(This is the second amazing thing about India. RE: Total inclusion unlike most religions that exclude others for not being the right colour, race or religion.)

It was a beautiful traditional thai served on a banana leaf. Eaten with my right hand, of course, made it taste that much better. My money-changer in India and now a good friend said he felt the food is more delicious eaten this way. I definitely agree with him.

(The third amazing thing in India. RE: Eating with your hands and NO one thinks you are rude.)

Frankly, I´d LOVE to eat with my hands at home, but I doubt it would go over well. My brother and mother once scolded me for how I was sitting when I returned to India. I guess they have something against the squat-position. So imagine if I threw in the hand-eating manner.

Family: "We are not in India, you know."

Me: "Too bad."

Each part of the thali is served and eaten in a specific order. The curd with rice is taken at the end because it aids digestion. Of course, this all depends on how observant you are to FOOD rules. Another Indian friend told me,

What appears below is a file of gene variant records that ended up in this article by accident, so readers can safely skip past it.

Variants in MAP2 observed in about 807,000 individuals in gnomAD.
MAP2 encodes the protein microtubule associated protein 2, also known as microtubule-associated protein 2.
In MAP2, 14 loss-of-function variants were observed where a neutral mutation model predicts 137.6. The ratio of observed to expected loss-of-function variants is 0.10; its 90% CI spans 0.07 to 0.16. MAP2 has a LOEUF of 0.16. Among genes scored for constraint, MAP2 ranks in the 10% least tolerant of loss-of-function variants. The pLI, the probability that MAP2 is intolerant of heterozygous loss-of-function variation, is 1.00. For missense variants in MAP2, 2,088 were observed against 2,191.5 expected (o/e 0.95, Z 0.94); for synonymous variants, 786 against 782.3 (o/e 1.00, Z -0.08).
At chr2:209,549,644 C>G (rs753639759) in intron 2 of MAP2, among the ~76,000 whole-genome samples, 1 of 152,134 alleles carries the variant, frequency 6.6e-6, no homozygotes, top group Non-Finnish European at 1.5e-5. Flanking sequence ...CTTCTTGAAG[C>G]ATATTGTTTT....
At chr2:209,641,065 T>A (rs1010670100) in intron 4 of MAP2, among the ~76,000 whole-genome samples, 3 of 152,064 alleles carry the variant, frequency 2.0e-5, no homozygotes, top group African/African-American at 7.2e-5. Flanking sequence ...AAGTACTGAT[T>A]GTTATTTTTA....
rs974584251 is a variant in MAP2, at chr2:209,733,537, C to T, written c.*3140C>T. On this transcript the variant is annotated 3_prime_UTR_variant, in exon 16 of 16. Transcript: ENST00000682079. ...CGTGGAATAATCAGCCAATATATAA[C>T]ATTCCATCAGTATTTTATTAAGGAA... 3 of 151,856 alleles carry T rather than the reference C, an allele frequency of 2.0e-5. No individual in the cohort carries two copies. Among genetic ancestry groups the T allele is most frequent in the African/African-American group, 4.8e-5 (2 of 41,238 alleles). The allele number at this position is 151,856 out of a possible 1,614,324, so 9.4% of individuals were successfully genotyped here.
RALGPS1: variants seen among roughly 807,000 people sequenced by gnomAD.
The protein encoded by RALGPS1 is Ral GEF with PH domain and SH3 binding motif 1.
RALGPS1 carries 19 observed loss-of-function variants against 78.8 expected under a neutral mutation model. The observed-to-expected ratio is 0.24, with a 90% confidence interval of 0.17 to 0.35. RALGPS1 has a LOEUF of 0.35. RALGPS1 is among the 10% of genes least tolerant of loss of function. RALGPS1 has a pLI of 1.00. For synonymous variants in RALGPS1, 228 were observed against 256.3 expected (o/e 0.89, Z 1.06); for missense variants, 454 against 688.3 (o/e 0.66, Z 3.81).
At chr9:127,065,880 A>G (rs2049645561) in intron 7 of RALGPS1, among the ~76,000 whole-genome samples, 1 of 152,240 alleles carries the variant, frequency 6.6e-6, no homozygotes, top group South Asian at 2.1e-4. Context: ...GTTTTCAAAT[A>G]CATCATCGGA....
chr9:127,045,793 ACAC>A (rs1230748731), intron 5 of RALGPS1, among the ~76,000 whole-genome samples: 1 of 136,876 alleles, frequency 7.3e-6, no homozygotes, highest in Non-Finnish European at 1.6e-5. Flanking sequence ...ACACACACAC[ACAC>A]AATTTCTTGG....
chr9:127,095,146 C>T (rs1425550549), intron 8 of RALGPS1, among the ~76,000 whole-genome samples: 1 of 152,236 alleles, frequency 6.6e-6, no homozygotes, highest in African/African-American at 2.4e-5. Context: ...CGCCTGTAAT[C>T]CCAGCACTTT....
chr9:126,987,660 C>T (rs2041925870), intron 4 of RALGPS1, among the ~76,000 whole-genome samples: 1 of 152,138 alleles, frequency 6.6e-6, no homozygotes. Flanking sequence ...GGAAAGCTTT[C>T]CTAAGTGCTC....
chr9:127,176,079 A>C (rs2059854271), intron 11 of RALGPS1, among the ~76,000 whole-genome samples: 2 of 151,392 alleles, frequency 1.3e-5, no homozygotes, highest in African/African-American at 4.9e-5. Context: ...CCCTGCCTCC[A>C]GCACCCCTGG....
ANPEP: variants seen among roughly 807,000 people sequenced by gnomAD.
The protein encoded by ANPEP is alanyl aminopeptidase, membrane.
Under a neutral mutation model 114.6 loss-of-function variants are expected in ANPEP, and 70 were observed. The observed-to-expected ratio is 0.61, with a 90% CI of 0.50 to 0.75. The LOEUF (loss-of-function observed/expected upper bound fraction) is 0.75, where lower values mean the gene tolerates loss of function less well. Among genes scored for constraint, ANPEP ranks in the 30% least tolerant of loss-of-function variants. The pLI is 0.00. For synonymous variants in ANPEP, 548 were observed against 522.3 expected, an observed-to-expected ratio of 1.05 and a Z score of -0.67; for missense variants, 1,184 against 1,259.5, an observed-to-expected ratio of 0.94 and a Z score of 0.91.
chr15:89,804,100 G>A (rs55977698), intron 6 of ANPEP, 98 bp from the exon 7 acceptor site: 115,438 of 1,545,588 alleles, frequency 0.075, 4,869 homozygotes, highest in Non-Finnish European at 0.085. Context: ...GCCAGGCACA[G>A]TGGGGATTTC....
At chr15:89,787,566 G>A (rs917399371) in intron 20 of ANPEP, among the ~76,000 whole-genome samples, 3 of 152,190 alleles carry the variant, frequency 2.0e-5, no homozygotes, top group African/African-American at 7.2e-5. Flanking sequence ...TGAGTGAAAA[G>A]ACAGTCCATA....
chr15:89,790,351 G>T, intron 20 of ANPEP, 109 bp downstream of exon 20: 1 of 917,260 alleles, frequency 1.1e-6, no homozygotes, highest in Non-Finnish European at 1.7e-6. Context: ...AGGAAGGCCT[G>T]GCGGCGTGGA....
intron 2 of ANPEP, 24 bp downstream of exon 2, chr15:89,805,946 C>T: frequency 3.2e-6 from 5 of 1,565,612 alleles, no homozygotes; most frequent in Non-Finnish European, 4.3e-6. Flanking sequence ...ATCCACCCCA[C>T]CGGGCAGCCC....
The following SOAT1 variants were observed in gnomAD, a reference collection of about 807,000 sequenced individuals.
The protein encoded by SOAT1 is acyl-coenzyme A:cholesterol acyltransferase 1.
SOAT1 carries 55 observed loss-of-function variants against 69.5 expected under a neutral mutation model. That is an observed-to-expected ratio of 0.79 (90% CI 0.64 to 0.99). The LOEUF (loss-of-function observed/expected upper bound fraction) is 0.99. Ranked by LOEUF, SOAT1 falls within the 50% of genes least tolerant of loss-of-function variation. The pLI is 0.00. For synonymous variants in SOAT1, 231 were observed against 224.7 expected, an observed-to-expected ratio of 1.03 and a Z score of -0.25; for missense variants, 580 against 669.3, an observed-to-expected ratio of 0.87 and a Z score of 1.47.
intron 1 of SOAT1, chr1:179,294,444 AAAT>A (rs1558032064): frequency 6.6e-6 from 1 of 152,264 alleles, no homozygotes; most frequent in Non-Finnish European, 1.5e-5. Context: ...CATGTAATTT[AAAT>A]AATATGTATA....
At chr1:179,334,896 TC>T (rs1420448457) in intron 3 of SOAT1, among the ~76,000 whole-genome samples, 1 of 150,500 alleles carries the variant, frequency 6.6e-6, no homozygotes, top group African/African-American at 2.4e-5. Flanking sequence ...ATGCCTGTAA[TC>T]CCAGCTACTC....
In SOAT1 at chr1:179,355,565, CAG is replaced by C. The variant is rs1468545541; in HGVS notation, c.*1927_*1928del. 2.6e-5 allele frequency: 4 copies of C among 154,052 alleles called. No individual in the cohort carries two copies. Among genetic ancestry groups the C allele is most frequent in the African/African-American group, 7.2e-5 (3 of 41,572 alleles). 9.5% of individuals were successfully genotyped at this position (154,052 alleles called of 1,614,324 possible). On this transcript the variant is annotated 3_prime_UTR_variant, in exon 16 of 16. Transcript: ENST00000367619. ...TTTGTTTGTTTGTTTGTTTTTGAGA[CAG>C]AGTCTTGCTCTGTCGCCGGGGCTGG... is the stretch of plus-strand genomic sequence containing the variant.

“Ah sure, rules, but you can eat however you wish and I do the same.”



On my way out and with a full stomach, I was curious about how much such a wedding would cost. Venkatesh, the principal’s husband, told me it´s about 700,000 rupees (That´s almost the same as a very small wedding in Toronto...10, 000 to 20, 000 dollars). Cheap in our standards but expensive to Indian ones.

“And yah”, added Venkatesh. “A sort of meaningless waste of money.”

Of course, he knows that he will have to do the same when his daughter wants to get married. Something he may look forward to with both trepidation and excitement. But even in spite of one´s personal view it is a cultural and an expected ritual for each family. I felt sorry, however, when I thought of those men who might have 4 daughters and be a poor family. Generally it is the father of the bride who will pay for the wedding. There is a lot social pressure over these things including being a girl and not coming from a rich family.

After the wedding feast, I was off to my back bending class. The next day at the school Jayahsree asked me if I was a little full. She also admitted it´s a lot for them too.